Did you know that suffering from a broken heart isn't just an emotional metaphor? According to the American Heart Association, "broken heart syndrome" is a real, physical response to a surge of stress hormones.
The symptoms -- chest pain, shortness of breath and irregular heartbeat -- occur more frequently in women than men. It is typically brought on by an extremely stressful life event like the death of a loved one, illness or job loss.
Sometimes even more stressful than these events is the end of a marriage. In fact, divorce and marital separation rank numbers two and three respectively on the Holmes and Rahe Stress Scale.
Not only can this profound life change bring about physical illness, it can also result in depression, anxiety and feelings of isolation.
Luckily, there are ways to heal a broken heart (both figuratively and literally), and your pets can help!
The physical, mental and emotional benefits of pets are well documented. Studies show that having a pet can lower your risk for heart attack, reduce blood pressure and stress, and can lead to less medications and trips to the doctor.
In addition, animal companions help us feel safe, give us something to care for, and encourage interaction with others (after all, who doesn't pounce at a chance to talk about their dog or cat?).
Photo courtesy Beth Noska
Beth Noska of Dallas, Texas recently experienced many of these benefits firsthand. Just shy of their two-year wedding anniversary, her husband moved out. "I threw a huge pity party in my honor," she says, "but I only had two others show up: my dogs, Big Bubba and Little Ernie."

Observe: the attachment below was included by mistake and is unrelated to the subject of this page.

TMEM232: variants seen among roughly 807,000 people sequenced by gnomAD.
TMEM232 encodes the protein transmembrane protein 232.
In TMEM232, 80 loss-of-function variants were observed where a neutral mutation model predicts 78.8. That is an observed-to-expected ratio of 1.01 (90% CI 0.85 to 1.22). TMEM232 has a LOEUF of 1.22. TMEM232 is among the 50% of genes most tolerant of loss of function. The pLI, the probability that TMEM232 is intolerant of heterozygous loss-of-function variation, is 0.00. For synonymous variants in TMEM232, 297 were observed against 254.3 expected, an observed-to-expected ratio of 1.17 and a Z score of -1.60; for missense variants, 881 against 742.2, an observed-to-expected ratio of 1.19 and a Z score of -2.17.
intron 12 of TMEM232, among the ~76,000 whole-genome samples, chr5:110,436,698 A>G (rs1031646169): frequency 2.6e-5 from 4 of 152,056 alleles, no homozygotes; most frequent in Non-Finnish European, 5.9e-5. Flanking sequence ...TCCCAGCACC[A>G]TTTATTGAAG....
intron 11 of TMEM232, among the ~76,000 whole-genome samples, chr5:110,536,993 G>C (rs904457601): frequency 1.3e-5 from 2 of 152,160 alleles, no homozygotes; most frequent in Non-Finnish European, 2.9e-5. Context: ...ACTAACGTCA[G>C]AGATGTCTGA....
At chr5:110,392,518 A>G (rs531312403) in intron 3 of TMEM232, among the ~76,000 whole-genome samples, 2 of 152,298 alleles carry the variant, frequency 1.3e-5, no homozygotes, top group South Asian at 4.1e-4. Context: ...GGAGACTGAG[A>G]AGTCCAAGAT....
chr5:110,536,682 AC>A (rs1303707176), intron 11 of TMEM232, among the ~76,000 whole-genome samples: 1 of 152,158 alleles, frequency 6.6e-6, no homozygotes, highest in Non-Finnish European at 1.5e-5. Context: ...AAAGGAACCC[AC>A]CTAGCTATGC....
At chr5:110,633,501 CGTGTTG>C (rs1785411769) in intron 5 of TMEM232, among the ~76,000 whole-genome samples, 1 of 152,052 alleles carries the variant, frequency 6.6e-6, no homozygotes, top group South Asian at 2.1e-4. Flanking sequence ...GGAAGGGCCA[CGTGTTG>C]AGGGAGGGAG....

Their companionship helped her get through the initial shock and, as the months went by, they gave her something else to focus on and care for. "They let me hang on to my desire to be needed and wanted. They taught me how to play harder and relax better. And they continue to help me be more whole again each day."
Candace Canty of Chicago, Illinois understands all too well. When her marriage dissolved, she didn't tell anyone until the ink was dry. So her two dogs, Clover and Guinness, "were the only 'people' with me. Without them, it would've been very lonely," she says.
"They've helped make the transition easier," says Candace. "We get out. We walk. There are activities to go to. You meet so many more people when you have a dog."
But what if the circumstances surrounding your divorce don't allow you to have a pet? This was the case for Jackie Walker of Tampa, Florida. Although she and her ex-husband agreed it would be best for their two dogs to stay with him, it was a difficult decision. There were so many things she missed about them, she says. "The greeting at the door, the unconditional love, talking baby talk to them, just the whole essence of the dog."
Although she couldn't have a dog at that time, "I needed to smell dogs, just be around them," she recounts. So she came up with a creative way to get her four-legged fix by going to a local pet store and visiting the pups there. Eventually, Jackie was able to adopt two new companions but this temporary work-around helped her get through.
Watch my interview with Candace and Jackie and read a letter Beth shared with me on my Pet Living blog.
If you find yourself in a similar situation, follow Jackie's lead and explore other ways to get in some creature cuddles, like volunteering for a rescue or pet sitting for a friend. Even just a few minutes each week can offer terrific physical and mental benefits and help heal your broken heart.
Did a pet help heal your broken heart after divorce? I'd love to hear your story.
Follow Kristen Levine on Twitter: www.twitter.com/petliving
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